does have gross vignetting wide open (on D3) but it's a macro lens, which is mostly
    used stopped down, so I think f/2.8 is just for focusing and viewing. Sharpness and
    contrast are really good even wide open, so if you do need to use it wide open, the
    images probably can be used with correction. The vignetting on this lens has a
    smooth gradient which is in contrast to the 70-200, which has corners that "drop" to
    darkness, though again if you don't adjust the images for high contrast, this might
    not matter.

    I concur that the 80-200 AF-D N autofocuses fast. The push-pull versions are
    supposely less snappy. As for VR, I found it quite nice to have on DX (think
    "300mm EFL"), but didn't feel it was needed on the D3. 200mm isn't all that long and
    my subjects tend to move about.

    Anyway, I always thought the 80-200/2.8 was one of the great bargains that lured
    people into the Nikon system. It would be good to see an f/4 VR version of the 70-
    200 for "economy" and low weight, or a 50-150/2.8. As of now, there is just one
    current regular telezoom in the lineup which is faster than f/5.6 in the long end (the
    200-400/4 is a "long telezoom"), and it has some issues which should be dealt with
    quickly with a new version.

    It seems that with the DX format, just about any prime or pro zoom tele works in an
    "enhanced" fashion, compared to 35mm film.
     
  9. I've used my 80-200 AFD two ring for about three years now. Maybe I have a real good sample, but I find the lens hard to beat. Even wide open it is stellar. I'm mostly a film shooter, but even on digital (D300) I like this lens. I've never desired the 70-200 VR, just don't see how it can get much better.

    This lens is an absolute bargain for the quality you get.

    Anthony
     
  10. When I compared the 70-200/2.8 VR against the 80-200/2.8 AF on my D2H at a local shop the 70-200 VR was very slightly sharper at f/2.8. Stopped down there wasn't much difference.

    The 70-200 VR is far superior for handheld use. Not only is the VR handy but there's less felt chatter and jolt from the moving elements during quick shifts in autofocusing. For tripod/monopod use there's probably not enough difference to matter, especially with bodies that can drive the screwdriver AF lenses almost as quickly as the SWM in an AF-S.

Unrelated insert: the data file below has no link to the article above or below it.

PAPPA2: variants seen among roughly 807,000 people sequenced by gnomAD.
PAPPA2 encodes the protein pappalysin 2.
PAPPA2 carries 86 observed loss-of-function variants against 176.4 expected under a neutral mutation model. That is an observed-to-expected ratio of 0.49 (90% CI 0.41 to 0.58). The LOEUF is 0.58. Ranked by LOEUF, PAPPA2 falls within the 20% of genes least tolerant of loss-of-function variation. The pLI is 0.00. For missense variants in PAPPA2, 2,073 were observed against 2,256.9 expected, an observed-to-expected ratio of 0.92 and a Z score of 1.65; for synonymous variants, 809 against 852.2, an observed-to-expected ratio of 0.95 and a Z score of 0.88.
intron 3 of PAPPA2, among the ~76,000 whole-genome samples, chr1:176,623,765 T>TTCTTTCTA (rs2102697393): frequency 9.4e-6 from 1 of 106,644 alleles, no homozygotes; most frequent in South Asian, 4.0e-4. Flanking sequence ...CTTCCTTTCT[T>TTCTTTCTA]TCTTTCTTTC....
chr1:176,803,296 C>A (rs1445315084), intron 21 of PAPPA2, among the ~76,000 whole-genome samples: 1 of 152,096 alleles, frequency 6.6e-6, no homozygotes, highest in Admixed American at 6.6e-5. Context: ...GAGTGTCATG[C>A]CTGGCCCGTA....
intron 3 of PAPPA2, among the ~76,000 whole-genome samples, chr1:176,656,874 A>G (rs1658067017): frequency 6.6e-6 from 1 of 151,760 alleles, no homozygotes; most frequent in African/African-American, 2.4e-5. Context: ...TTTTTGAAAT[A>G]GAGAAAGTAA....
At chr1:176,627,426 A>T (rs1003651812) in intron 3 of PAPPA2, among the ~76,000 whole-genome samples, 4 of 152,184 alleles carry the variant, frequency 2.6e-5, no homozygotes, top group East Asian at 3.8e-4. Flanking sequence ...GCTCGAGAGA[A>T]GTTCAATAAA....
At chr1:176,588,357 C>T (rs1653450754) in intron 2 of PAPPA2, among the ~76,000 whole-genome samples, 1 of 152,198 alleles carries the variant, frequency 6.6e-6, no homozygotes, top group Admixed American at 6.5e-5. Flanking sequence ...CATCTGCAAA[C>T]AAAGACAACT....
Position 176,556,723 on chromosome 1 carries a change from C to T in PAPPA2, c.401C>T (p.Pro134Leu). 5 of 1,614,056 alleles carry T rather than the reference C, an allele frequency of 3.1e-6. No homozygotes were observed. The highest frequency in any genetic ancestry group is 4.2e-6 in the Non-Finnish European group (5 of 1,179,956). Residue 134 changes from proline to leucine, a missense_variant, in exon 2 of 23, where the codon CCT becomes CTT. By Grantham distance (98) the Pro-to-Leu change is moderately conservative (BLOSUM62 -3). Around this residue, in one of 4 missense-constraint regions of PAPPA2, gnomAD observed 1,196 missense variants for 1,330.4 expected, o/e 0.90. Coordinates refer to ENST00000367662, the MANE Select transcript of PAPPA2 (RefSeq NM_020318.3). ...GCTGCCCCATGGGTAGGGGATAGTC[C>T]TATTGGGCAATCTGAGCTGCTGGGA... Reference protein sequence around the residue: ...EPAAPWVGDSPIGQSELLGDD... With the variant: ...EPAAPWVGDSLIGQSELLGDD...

11. Well, maybe it is if you can comfortably use it. I felt that carrying the 70-200 for, say a 9-hour day of continuous walking and shooting in the city quite exhausting on my left hand and knee (having to hold the lens with the left hand while carrying it so that it doesn't hang from the mount causes all sorts of problems for me in extended use). I would think the lighter and shorter 80-200 is better for hand-holding and carrying around because of this, and the primes still better.
     
  12. I had the 70-200VR but I like my 80-200mm 2.8 AFS even more...

    2.8
    http://i215.photobucket.com/albums/cc112/Juanjo_Viagran/_DSC1366-1.jpg?t=1213711544

    http://i215.photobucket.com/albums/cc112/Juanjo_Viagran/_DSC1290-1-1.jpg?t=1213711585

    http://i215.photobucket.com/albums/cc112/Juanjo_Viagran/_DSC1423-1.jpg?t=1213711617
     
  13. I find the 70-200
    sharper than 80-200
    (AF and the AFS) I
    have a beat up
    80-200 which I got
    on the cheap but I
    will prefer the
    70-200 anyday.
    <p>
    www.photonaturally.com.au
     
  14. No. It isn't close. http://imaging.nikon.com/products/imaging/lineup/lens/af/zoom/zoom80-200mmf_28d/index.htm vs http://imaging.nikon.com/products/imaging/lineup/lens/af/zoom/af-s_vr_zoom70-200mmf_28g_if/index.htm

    Look at the MTF chart at the tele end. The difference is especially stark on a DX sensor.